Union HRD Ministry on Monday called a meeting of the University Grants Commission (UGC) to safeguard interests of hundreds of students. Supreme Court recently suspended engineering degrees that were availed through correspondence since 2001 from certain deemed Universities. AICTE is expected to conduct an aptitude test for students who got their degrees between 2001 to 2005 through correspondence. The measure has been taken by the top technical education body so that the Supreme Court of India order does affect the students.

According to reports in Hindustan Times, students who have cleared test like GATE, their degrees will not be invalid. A senior AICTE official said that they are examining the Supreme Court order and may consider modalities to be worked out for some exams. According to the rules of the AICTE, engineering degrees cannot be offered through distance education mode. In its Open and Distance Learning Regulations, 2017, the UGC has laid down the minimum standards of instruction for the grant of undergraduate and postgraduate degrees, Hindustan Times reported.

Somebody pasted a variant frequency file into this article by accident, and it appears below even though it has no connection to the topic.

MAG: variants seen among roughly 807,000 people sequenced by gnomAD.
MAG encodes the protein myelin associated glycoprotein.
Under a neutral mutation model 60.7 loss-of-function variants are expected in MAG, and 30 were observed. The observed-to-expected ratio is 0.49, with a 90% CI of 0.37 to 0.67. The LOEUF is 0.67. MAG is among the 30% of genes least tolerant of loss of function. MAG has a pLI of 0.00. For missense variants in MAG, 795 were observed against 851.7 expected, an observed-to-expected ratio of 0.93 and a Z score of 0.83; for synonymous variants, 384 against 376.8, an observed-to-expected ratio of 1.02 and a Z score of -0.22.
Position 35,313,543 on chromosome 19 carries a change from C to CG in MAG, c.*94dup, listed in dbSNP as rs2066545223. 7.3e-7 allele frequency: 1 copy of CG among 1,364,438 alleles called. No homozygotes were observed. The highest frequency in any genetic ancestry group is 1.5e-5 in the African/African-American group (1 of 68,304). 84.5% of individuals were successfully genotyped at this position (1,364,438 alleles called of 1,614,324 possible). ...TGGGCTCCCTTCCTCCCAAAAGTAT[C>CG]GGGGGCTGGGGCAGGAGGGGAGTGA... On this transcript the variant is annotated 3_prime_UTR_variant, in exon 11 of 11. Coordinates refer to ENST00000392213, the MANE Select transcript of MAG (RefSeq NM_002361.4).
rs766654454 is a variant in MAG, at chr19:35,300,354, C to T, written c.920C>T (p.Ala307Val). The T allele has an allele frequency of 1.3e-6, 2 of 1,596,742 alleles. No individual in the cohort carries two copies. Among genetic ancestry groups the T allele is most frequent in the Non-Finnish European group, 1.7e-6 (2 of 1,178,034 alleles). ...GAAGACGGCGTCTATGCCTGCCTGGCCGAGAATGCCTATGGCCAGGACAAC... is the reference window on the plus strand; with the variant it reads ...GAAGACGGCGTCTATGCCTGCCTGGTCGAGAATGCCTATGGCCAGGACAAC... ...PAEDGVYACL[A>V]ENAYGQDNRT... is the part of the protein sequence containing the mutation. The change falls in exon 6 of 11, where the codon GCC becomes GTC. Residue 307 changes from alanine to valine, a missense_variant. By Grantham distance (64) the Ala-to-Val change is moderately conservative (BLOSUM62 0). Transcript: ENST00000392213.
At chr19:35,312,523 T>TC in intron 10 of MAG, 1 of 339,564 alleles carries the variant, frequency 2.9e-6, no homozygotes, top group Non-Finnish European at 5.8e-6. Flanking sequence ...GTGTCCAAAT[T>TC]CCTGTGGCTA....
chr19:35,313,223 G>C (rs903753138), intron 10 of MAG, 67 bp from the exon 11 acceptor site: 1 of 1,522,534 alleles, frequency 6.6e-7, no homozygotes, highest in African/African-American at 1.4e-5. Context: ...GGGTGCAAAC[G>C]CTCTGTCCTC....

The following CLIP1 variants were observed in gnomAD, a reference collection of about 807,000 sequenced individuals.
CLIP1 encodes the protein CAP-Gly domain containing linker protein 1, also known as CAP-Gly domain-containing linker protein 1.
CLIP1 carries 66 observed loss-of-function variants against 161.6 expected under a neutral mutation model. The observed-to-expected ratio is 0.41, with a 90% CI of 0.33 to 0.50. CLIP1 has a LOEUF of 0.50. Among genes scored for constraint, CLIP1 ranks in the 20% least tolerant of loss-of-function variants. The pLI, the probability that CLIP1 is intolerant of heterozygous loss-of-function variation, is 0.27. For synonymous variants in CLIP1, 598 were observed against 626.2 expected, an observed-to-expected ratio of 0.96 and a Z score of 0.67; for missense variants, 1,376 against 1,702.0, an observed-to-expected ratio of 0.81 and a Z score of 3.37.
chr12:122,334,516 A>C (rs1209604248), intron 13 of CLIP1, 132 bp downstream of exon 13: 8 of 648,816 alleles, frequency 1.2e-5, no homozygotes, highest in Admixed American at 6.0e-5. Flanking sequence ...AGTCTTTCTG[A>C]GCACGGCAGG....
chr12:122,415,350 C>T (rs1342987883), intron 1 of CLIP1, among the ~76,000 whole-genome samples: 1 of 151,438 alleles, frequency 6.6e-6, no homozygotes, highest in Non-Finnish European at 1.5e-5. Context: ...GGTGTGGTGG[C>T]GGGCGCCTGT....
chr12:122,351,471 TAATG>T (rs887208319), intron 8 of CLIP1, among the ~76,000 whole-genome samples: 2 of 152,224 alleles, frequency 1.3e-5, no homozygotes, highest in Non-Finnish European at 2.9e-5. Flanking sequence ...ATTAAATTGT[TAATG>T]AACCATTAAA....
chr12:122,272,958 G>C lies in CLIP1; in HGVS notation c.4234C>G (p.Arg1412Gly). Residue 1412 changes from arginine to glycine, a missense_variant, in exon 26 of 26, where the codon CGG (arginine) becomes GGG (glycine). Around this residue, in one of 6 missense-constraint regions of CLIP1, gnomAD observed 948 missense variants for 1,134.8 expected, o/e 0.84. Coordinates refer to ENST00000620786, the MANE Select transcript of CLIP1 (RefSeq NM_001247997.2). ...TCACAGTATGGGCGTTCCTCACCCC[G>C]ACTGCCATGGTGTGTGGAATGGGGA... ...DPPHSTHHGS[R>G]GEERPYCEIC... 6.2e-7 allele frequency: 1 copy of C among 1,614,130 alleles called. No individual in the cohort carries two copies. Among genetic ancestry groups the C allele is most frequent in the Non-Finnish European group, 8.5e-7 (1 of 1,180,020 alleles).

Supreme Court on Friday barred all deemed universities across the country from continuing any distance learning courses from the 2018-19. However, the apex court said that prior approval would be required by the regulatory authorities for any such course to be introduced by a deemed university.

“We restrain all deemed-to-be-universities to carry on any courses in distance education mode from the Academic Session 2018-2019 onward unless and until it is permissible to conduct such courses in distance education mode,” a bench of Justice Adarsh Kumar Goel and Justice Uday Umesh Lalit ruled.

The court said they could not start any course in distance education mode unless “specific permissions are granted by the concerned statutory/regulatory authorities in respect of each of those courses and unless the off-campus centres/ study centres are individually inspected and found adequate by the concerned statutory authorities”.

“The approvals have to be course-specific,” the court stressed.